Typically, when you begin to think about buying a house, you start saving money. When you know you’re having a baby, you start setting up the nursery. When you begin to think about getting married, you start telling all your old flames that you’re off the market. When you’re launching a war, you make sure your guns and munitions are ready, and your borders are fortified.
So why is it that most women walk into pregnancy unprepared?
As the saying goes, forewarned is forearmed. When you begin to think about getting pregnant, you should set up the environment where your baby is going to live for those nine months (your body). Now while it is understood that not every baby is planned ahead of time, it’s definitely common sense to think about this if you are planning to conceive a child within the next year.
A good friend of mine in Jeddah recently confided that after three years of marriage, she and her husband had started seriously thinking about having their first child. She wanted to go off the pill but wasn’t sure how or when to do it. She was due to switch positions at work, and had a choice of two, and thinking smart, she opted for the one with fewer hours. She asked me if there was anything else they hadn’t thought of, and I told her that for starters, going off the pill was best done under the supervision of a doctor; because he would be able to tell her at what point during the cycle to stop, and what to expect in terms of delays in conception. I also told her that she needed to evaluate their lifestyle as a couple and hers as an individual, and make informed choices.
Opting for the less time intensive job was brilliant, because it would minimize the strain on her before, during pregnancy and after having the baby. Less job stress when attempting to conceive was a good idea in any case, she could eat better, sleep better, make love better.
The late nights and fast food they decided to dramatically cut back on, and they also initiated the process for employing a live-in maid and driver. They decided to start a new baby fund, pooling from their incomes at the beginning of each month. They of course, kept these thoughts to themselves, to deny people around them the pleasure of pressuring them with questions and mounting expectations.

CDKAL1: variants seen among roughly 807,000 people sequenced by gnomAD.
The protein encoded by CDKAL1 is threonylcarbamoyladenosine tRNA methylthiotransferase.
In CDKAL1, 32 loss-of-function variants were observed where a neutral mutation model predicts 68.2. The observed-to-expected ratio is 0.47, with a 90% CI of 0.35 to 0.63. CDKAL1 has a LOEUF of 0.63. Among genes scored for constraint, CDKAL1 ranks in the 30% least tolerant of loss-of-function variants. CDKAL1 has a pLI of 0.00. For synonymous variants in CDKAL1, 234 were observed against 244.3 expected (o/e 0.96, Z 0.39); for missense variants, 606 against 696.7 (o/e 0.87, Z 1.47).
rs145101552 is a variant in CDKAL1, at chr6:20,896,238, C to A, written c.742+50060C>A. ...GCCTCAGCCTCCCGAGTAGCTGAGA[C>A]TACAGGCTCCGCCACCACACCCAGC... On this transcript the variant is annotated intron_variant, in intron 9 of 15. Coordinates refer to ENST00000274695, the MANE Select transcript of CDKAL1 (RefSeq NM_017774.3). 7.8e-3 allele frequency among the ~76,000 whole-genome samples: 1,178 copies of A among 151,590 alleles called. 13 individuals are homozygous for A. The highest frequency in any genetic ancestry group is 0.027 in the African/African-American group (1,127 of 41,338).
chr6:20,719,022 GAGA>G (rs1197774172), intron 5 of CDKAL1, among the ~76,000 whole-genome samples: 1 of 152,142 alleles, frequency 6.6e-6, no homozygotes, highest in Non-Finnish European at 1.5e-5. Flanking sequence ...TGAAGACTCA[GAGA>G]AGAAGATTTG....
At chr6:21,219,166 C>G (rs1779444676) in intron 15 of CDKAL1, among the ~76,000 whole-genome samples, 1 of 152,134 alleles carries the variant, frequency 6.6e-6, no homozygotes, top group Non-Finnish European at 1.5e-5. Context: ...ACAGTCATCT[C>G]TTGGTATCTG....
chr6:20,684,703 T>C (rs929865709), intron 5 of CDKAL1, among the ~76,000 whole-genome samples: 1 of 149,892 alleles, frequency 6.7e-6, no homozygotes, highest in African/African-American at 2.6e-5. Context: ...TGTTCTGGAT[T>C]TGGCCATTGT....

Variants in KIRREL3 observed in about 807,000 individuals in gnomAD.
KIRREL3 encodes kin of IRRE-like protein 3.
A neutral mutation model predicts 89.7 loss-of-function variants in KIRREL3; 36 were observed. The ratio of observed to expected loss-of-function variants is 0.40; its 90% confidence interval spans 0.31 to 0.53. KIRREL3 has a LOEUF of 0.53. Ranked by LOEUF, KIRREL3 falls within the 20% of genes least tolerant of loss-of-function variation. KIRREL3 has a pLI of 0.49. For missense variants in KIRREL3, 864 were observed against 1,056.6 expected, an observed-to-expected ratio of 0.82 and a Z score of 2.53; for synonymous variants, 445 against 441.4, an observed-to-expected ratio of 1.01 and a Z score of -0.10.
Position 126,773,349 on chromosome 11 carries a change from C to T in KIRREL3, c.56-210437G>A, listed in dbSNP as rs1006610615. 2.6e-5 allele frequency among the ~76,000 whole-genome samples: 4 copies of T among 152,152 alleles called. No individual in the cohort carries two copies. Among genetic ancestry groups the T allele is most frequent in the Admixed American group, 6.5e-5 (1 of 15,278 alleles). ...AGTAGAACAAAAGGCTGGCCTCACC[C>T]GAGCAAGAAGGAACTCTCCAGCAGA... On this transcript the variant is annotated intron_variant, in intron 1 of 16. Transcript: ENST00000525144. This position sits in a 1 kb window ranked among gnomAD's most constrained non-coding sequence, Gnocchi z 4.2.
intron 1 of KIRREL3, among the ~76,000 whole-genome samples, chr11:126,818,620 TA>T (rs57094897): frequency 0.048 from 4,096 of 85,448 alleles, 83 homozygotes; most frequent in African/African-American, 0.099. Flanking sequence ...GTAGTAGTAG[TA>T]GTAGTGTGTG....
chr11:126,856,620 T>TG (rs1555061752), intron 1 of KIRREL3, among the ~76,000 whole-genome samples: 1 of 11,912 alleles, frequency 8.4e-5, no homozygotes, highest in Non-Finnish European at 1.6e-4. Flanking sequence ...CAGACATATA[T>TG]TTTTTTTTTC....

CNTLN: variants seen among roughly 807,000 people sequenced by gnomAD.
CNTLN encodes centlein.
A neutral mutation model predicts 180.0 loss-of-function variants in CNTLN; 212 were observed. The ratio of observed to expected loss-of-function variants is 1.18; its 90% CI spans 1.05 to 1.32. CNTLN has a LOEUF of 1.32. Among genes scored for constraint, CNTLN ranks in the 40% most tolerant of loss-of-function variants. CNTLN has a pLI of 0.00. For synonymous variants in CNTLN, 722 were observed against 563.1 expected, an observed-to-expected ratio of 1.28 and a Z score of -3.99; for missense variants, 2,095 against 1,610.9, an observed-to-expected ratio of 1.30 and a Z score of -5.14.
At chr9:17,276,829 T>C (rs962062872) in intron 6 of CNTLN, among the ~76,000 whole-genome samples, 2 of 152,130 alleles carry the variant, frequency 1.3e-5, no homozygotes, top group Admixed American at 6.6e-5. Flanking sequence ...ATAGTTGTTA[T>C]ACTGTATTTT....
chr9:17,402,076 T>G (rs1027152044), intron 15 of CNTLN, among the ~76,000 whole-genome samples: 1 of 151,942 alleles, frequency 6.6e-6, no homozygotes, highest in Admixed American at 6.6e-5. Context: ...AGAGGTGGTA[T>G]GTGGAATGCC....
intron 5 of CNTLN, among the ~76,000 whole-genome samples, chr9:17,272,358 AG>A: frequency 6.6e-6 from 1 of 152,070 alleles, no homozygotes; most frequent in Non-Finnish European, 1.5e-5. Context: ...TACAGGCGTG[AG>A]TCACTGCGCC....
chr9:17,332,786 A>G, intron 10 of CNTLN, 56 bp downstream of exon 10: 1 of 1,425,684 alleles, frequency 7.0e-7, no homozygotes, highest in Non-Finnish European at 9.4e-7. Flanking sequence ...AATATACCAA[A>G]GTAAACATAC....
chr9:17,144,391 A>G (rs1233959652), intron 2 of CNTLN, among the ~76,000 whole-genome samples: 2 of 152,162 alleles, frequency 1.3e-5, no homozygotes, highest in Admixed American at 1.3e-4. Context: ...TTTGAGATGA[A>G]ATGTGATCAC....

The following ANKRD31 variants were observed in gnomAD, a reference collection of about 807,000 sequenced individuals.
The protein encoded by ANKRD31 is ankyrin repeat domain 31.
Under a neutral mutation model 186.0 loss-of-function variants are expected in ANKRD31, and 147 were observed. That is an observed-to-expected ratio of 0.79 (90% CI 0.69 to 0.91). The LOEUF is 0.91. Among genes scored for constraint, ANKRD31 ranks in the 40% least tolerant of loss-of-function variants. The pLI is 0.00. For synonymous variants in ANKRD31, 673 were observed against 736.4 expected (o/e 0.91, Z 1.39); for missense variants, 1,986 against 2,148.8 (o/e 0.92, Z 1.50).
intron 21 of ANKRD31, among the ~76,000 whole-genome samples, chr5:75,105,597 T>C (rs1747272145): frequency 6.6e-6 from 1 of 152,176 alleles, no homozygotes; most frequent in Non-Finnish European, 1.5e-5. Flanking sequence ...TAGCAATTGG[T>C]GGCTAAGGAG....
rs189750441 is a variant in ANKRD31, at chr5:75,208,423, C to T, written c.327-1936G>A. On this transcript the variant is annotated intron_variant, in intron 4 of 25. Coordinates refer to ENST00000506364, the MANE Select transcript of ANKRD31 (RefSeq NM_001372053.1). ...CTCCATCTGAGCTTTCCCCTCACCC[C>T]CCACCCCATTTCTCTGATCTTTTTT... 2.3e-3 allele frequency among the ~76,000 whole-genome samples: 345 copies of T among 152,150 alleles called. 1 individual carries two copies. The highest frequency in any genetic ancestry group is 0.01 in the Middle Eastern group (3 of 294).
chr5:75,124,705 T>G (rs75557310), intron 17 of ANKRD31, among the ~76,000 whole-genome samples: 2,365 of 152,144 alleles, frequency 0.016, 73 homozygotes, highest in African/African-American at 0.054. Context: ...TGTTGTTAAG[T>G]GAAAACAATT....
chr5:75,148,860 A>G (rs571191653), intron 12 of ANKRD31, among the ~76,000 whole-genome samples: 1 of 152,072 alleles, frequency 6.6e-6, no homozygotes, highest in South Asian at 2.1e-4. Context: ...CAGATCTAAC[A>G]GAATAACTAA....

Technically speaking, having a baby necessitates a contribution from both mother and father. So it’s not just the mother who needs to shape up, as dad contributes half of the genetic material. So if his contribution is lacking, well…
I told her that physically speaking, as a woman she already had all the eggs she would ever have in her ovaries (females are born that way) and that a man’s sperm develops during a four-month cycle. Lifestyle changes couldn’t change her eggs for the better, but they could drastically improve the quality of husband’s wrigglers. Experts advise that any lifestyle changes should be introduced around 4-6 months prior to conception, to enable the body to adjust.
Here is some of what I suggested to my friend:
- If you or your husband smokes, stop. If you feel you can’t do that on your own, join a smoking cessation service, there are several around you, just ask.
- Try to limit caffeinated drinks (tea, coffee, energy drinks) and chocolate.
- Try to eat healthier; more variety of fruits and vegetables.
- Try to eat at least one kind of oily fish per week (Salmon, Tuna, Cod); experts have linked seafood with higher levels of infant and child intelligence.
- Start taking a Folic Acid supplement; 400 mcg of Folic Acid per day for 3 months prior to conception and 3 months into pregnancy has been shown to reduce the risk of spinal abnormalities in babies.
- Drink more fluids; keep a bottle of water in your handbag, or invest in a juicer to try out new combinations at home. Getting into the habit of keeping yourself hydrated will lessen the risk of stretch marks and tearing, this is especially important if you live in a warm climate.
- If you’re overweight or underweight, try to work your way to a reasonable BMI; this aids conception and will make you feel better too.
- If you aren’t physically active, join a class or be more active at home (jump rope, swim, buy a yoga DVD, and take the stairs instead of the elevator). The more physically active and therefore healthy you are, the less difficulty you will have conceiving, carrying and giving birth to your baby. (Haven’t you heard what an easy time Gisele had when she had her baby?)
Think of it as stocking up (nutrients) in your body for winter (in this case incubating a baby). This thinking smart and especially eating well before conception will stand you in good stead as well if you suffer morning sickness the first few weeks and can’t keep anything down; there will be a nutrient store for the embryo to draw from.
Research has proven that preparing your body to carry a baby significantly improves the quality of pregnancy, the experience of delivery and postpartum recovery, and positively impacts the health of your newborn and your child’s health throughout life. The suggestions I gave to my friend were those my husband and I used ourselves, and she now is a proud mom of two healthy twin 2 year old boys.